Monocyte recruitment contributes to cardiac macrophage expansion
To evaluate systemic innate immunity in mice exposed to SAUNA or aging, we began by quantifying systemic leukocyte levels with flow cytometry. Total blood leukocyte counts, including inflammatory Ly6Chigh monocytes and neutrophils, rose in both conditions (Fig. 2 A). Interestingly, neutrophilia was more pronounced in old and senescent mice (Fig. 2 A). Individual SAUNA interventions did not alter myeloid cell numbers (Fig. S2 O). Data obtained in a cohort of HFpEF patients showed a similar increase of blood leukocytes, neutrophils, and monocytes, whereas lymphocyte numbers were unchanged (Fig. S1 B).
To determine whether accumulation of myocardial macrophages relies on recruitment of monocytes from the blood, we measured expression of chemokines and adhesion molecules in myocardial tissue from SAUNA and senescent mice (Fig. 2 B). Interestingly, chemokine C-C motif ligand-2 (Ccl2) was only increased in SAUNA-exposed mice, whereas chemokine C-X-C motif ligand-12 (Cxcl12) only rose in senescent myocardium (Fig. 2 B), a constellation that aligns well with the differences in cardiac neutrophil densities observed in both conditions (Fig. 1 B). We next tested the role of the Ccl2/Ccr2 axis in recruiting monocytes to the diseased myocardium by exposing Ccr2−/− mice, which lack the receptor for Ccl2, to SAUNA. Myocardial Ly6Chigh monocyte and macrophage numbers decreased in Ccr2−/− SAUNA-exposed mice, whereas neutrophils were unaffected (Fig. 2, C and D). Deletion of Ccr2 in SAUNA-exposed mice did not reduce cardiac Anp and Bnp levels or pulmonary congestion (Fig. 2, E and F). These data indicate that Ccr2-dependent monocyte migration contributes to cardiac macrophage expansion in mice with diastolic dysfunction induced by SAUNA and that inhibiting monocyte recruitment alone is not sufficient to prevent congestive heart failure.
Hematopoietic activation during diastolic dysfunction
Because our data indicate that mice and humans with diastolic dysfunction develop blood monocytosis and neutrophilia, we next investigated hematopoiesis. Bone marrow harvested from SAUNA-exposed mice contained higher numbers of hematopoietic stem cells (HSCs), downstream myeloid progenitors including granulocyte macrophage progenitors (GMPs) and monocyte-macrophage dendritic cell progenitors (MDPs, Fig. 3 A). This increase in hematopoietic stem and progenitor cells (HSPCs) indicates that the cells proliferate at higher rates. To experimentally assess cell proliferation during the development of diastolic dysfunction, we performed a pulse-chase BrdU label retention experiment. 2-wk BrdU exposure via drinking water led to >70% labeling of HSCs (Fig. 3 B). After completing the label wash-in phase, we exposed mice to SAUNA for 30 d. This accelerated HSC BrdU wash-out significantly (Fig. 3 B), thus indicating that HSCs divide more frequently while diastolic dysfunction develops. The increased hematopoietic activity augmented monocyte and neutrophil numbers in the bone marrow of SAUNA-exposed mice (Fig. 3 C). When studying niche factors that regulate HSPC quiescence and retention, we observed decreased levels of Cxcl12, stem cell factor (Scf), vascular cell adhesion molecule-1 (Vcam1), and angiopoietin-1 (Angpt1) in bone marrow of SAUNA-exposed mice (Fig. 3 D). Lower retention factor expression enhanced HSPC release from the marrow into the blood (Fig. 3 E). At advanced age, HSPC levels were increased in bone marrow samples in a similar fashion (Fig. 4).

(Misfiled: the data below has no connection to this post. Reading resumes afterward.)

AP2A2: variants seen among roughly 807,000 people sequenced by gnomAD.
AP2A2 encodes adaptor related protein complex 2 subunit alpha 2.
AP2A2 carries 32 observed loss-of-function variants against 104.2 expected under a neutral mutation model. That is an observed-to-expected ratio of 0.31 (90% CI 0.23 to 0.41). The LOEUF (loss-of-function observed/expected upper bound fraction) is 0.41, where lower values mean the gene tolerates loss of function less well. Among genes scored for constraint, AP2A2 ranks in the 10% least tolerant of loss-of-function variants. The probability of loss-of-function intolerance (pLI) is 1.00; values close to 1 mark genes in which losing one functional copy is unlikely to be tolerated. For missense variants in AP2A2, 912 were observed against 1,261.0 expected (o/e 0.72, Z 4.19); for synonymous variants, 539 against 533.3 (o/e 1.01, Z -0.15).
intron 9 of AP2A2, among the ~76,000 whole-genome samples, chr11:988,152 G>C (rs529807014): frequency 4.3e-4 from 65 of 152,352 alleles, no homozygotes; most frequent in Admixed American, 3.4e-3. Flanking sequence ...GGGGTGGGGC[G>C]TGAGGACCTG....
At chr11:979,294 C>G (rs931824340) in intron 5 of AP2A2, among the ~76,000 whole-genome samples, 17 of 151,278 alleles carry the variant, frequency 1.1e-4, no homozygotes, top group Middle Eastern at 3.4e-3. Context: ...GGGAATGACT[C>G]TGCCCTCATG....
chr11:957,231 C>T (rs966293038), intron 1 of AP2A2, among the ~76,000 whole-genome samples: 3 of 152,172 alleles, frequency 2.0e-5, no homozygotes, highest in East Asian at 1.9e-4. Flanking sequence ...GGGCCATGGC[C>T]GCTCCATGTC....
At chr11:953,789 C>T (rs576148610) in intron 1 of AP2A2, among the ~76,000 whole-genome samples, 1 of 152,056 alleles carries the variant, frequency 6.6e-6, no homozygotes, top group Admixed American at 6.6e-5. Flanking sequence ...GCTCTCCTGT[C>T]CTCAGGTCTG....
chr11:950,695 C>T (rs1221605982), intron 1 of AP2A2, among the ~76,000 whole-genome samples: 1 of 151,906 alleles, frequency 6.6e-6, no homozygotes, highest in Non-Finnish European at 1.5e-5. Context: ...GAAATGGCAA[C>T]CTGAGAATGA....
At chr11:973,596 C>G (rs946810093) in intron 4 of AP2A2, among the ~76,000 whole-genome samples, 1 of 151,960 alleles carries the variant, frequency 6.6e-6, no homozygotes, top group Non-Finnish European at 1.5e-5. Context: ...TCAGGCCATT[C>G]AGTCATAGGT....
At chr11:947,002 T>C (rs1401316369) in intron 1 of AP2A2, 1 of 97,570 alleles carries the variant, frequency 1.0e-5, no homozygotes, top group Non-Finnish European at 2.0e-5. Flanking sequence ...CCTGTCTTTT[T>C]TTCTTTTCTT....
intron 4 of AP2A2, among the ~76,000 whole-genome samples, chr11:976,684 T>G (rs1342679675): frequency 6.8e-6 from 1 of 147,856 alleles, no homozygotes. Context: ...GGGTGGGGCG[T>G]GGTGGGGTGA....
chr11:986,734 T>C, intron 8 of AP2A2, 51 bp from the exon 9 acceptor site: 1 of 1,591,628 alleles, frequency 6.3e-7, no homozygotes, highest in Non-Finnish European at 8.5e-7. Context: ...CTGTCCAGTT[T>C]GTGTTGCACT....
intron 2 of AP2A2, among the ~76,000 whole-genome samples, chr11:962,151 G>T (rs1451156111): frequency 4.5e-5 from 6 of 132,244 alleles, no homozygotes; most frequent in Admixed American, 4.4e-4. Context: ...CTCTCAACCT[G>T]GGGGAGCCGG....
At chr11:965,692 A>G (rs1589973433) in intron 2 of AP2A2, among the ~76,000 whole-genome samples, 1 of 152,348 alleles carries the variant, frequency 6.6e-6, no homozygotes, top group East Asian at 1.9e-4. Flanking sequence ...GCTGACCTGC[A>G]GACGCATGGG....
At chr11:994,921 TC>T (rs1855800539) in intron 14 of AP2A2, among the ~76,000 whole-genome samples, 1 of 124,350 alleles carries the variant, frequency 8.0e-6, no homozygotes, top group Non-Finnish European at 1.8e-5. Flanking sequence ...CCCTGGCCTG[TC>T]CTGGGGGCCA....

Because blood HSPCs increased in SAUNA-exposed mice (Fig. 3 E), we next investigated if these cells seed the spleen to induce extramedullary hematopoiesis. The number of splenic HSCs, monocytes, neutrophils, and B cells increased in SAUNA-exposed mice, which led to splenomegaly (Fig. 5, A–C). Individual SAUNA components did not increase myeloid cell numbers in the spleen (Fig. S2 P). In senescent mice, splenic Lineage− Sca-1+ c-Kit+ progenitor (LSK), HSC, and neutrophil numbers expanded even more drastically (Fig. 6, A and B). However, the numbers of lymphocytes had a tendency to be lower in senescent mice (Fig. 6 B), which may explain their unchanged spleen weights (Fig. 6 C).
To assess whether activation of hematopoiesis associates with altered diastolic function in humans, we correlated 18F-fluoro-2-deoxyglucose (18F-FDG) uptake in hematopoietic organs with echocardiographic parameters of diastolic function in a retrospective analysis (Fig. S1 C). Increased 18F-FDG positron emission tomography (PET) signal reflects higher metabolic rates, which in marrow and spleen indicates accelerated hematopoietic activity (Liu, 2009). Among patients with normal diastolic function (see Materials and methods for patient selection criteria), we found a significant correlation of splenic PET signal with echocardiographic measures of filling pressures (i.e., E/e′ and the estimated right ventricular systolic pressure) and observed similar trends for the marrow PET signal (Fig. S1 C). These retrospective clinical data are preliminary because of (a) a small sample size, (b) the unspecific mechanisms behind 18F-FDG uptake, and (c) the load dependence of echocardiographic measures, which were acquired at different time points. Nevertheless, the parallels between the histology, flow cytometry, and imaging observations in patients and those in mice are intriguing, indicating that diastolic dysfunction associates with increased myelopoiesis and systemic myeloid cell oversupply.
Macrophage-derived IL-10 contributes to SAUNA-induced diastolic dysfunction
To evaluate phenotypic changes of cardiac macrophages, we compared these cells obtained from SAUNA and control myocardium using a fibrosis quantitative PCR (qPCR) array. We identified Il10 as one of the most up-regulated fibrosis-related genes in cardiac macrophages that were FACS-purified from SAUNA mice’s myocardium (Fig. 7, A–C). IL-10 is a pleiotropic cytokine produced and sensed by many leukocytes, including macrophages (Moore et al., 2001). We confirmed that tissue-resident macrophages are indeed a dominant source of Il10 by comparing their expression to whole myocardium, cardiac fibroblasts, and endothelial cells (Fig. 7 D). Old and senescent myocardium also showed higher expression levels of Il10 (Fig. 7 E), further supporting a contributing role of this cytokine in the development of diastolic dysfunction. The remaining kidney in SAUNA-treated mice, which also contains resident macrophages (Schulz et al., 2012), exhibited lower Il10 expression than the myocardium (Fig. 7 F).